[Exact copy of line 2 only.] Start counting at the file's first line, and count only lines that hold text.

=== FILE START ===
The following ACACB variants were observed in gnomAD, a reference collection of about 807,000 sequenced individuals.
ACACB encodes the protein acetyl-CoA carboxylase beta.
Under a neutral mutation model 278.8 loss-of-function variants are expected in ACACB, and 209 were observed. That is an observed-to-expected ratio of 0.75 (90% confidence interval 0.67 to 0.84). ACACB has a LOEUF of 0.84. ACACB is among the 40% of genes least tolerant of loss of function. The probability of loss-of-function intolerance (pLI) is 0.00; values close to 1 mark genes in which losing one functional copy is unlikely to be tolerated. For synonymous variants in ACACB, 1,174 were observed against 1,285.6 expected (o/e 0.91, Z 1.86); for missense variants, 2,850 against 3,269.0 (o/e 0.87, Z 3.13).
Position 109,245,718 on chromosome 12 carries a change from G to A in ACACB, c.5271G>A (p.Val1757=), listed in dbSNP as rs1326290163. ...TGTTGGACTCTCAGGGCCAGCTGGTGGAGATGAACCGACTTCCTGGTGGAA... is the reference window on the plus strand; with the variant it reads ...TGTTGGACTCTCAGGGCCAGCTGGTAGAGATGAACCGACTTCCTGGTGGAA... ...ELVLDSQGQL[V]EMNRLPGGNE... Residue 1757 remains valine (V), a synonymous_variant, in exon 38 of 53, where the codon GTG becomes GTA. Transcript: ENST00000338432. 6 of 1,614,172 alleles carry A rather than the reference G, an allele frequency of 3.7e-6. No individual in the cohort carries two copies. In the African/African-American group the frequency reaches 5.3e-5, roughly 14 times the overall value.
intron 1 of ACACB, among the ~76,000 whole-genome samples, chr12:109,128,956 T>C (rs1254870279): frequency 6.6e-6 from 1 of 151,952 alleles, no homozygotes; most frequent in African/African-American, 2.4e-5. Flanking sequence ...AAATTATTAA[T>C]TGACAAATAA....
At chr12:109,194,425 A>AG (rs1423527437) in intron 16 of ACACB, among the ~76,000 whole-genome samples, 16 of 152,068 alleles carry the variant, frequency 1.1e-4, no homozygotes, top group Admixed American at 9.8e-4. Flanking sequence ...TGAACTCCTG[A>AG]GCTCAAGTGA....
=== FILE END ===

ACACB encodes the protein acetyl-CoA carboxylase beta.